Dark clouds may be looming again over the U.S. economy, but Jon Beyman, managing director of operations and technology for the global institutional client group at Citi, is a veteran at weathering storms. Fortunately, his experience should serve him well as he guides the bank's technology department through the troubling times ahead.
Beyman joined Citi in 2008, just three weeks before his former employer Lehman Brothers went belly-up, Merrill Lynch was sold to Bank of America and the Federal Reserve bailed out AIG. And during the course of his 35-year career, he has successfully navigated through other storms, too.
Prior to joining Citi, Beyman was the long-time CIO at Lehman Brothers, a position he held on Sept. 11, 2001, when the company's headquarters in lower Manhattan were destroyed. Beyman's office was located in the World Trade Center, but he happened to be in London on the day the terrorists attacked. He recalls the days following those terrible events as one of the most impactful experiences of his career, if not his life.
"I learned so many things about how organizations could pull together and overcome insurmountable odds and do incredible things," Beyman says. Despite losing its headquarters in the attack, Lehman "was there when the markets opened again," he adds.
And despite recent dire economic news and the gloomy prospect of more jobs being slashed across the financial industry, Beyman is confident that Citi can efficiently push ahead through another crisis. "The crisis that Citi faced in 2009 was hopefully the low moment" for the organization, he says, adding, "We're a stronger institution now -- we have much better liquidity, much better capital, we're much better able to weather a difficult economy." Citigroup, which needed $45 billion in government bailouts to survive the financial crisis, recently posted its sixth-consecutive quarterly profit.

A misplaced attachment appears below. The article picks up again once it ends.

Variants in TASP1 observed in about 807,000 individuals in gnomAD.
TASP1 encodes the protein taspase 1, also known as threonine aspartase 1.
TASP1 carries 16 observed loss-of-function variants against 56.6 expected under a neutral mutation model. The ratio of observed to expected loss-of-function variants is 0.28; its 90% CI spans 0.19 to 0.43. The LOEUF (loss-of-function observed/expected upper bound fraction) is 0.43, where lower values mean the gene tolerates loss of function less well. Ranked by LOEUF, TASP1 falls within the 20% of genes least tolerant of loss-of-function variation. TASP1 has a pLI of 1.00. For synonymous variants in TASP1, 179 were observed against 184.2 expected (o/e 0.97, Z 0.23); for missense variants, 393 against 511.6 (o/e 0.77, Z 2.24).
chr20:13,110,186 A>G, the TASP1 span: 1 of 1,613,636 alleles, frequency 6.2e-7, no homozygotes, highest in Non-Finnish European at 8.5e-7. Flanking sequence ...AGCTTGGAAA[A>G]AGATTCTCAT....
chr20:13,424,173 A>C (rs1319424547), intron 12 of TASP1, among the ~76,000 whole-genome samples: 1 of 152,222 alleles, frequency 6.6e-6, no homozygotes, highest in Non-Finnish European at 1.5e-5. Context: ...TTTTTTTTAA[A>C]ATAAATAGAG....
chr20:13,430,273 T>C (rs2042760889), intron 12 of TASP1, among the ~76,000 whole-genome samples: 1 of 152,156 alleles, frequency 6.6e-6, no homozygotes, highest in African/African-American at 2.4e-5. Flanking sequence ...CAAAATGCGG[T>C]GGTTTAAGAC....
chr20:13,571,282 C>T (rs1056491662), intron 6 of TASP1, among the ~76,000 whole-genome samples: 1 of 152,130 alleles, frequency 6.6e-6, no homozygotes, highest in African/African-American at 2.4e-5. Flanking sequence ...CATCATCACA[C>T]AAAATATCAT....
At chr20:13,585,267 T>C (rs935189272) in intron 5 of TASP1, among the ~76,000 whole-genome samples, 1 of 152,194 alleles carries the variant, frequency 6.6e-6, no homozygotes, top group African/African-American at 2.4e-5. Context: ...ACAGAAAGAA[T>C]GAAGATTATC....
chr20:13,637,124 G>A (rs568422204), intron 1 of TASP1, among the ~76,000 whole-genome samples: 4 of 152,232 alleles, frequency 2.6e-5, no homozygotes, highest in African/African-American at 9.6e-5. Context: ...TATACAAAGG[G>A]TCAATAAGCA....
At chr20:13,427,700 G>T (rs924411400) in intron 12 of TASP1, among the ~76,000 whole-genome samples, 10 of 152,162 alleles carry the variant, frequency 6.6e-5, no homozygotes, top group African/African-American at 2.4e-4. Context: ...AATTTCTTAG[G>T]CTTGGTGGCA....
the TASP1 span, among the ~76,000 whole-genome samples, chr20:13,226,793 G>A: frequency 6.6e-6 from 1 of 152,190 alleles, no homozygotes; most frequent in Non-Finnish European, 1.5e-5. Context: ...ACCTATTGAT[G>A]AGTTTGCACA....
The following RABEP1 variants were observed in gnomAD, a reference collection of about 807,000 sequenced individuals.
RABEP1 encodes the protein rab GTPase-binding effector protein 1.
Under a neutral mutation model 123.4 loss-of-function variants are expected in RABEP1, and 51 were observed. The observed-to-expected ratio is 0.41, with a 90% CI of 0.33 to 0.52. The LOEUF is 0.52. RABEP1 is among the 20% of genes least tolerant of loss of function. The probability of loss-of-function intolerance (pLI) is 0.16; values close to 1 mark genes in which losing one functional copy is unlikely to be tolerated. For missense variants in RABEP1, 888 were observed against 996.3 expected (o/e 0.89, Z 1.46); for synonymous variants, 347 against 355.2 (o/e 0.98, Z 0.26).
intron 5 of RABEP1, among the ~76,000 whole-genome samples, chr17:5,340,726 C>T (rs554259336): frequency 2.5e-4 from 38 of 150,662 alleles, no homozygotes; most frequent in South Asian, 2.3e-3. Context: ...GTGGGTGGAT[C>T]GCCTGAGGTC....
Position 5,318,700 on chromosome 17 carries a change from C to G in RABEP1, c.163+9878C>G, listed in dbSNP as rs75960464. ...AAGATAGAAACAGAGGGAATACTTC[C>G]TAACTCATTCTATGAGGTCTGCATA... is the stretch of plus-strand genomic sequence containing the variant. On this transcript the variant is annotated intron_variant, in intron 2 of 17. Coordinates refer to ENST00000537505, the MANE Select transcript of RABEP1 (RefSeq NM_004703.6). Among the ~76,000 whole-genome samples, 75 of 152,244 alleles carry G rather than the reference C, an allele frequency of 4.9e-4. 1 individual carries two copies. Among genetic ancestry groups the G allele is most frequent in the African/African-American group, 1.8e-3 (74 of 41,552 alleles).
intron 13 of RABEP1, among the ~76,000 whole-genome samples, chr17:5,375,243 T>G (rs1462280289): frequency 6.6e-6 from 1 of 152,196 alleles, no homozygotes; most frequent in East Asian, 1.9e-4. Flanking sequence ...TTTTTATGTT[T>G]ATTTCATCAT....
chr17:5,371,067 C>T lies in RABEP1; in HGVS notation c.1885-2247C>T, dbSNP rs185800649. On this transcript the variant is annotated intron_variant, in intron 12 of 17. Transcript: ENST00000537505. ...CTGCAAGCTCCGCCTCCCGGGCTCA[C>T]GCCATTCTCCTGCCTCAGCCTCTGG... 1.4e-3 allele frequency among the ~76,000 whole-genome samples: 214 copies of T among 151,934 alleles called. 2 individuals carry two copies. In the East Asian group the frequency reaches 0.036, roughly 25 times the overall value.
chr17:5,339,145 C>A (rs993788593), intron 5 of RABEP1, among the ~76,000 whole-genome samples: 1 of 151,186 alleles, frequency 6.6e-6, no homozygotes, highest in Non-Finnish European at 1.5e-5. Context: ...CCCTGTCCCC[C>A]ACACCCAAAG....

Still, if the U.S.'s troubling economic data persists, Beyman admits that Citi, which has approximately 200 million customer accounts and does business in more than 160 countries and jurisdictions, will have to do another round of belt tightening and eliminate jobs. "That's never fun. There are difficult times. You do a lot of things you'd rather not do," he says. "But you try to stay focused and drive the agenda."
Beyond crisis management, Beyman says, his management style is to try to get the best people he can in the right jobs and to get his team members what they need (he quickly points out that "anyone who has kids knows the difference between 'need' and 'want'"). As part of that approach, Beyman continues, he tries to "take obstacles out of [his team's] way, and to set up transparency into what's going on."
"I try to hold people accountable for good performance," he adds. "I make sure we're rewarding people who have performed."
Beyman, who also is responsible for enterprise technology, leads a global team of more than 30,000 people. His organization also works with a number of third-party providers to meet Citi's operations and technology needs, a group that, according to Beyman, includes "the usual suspects -- IBM, Oracle, TCS, Wipro, SunGard, HP, Reuters and Bloomberg."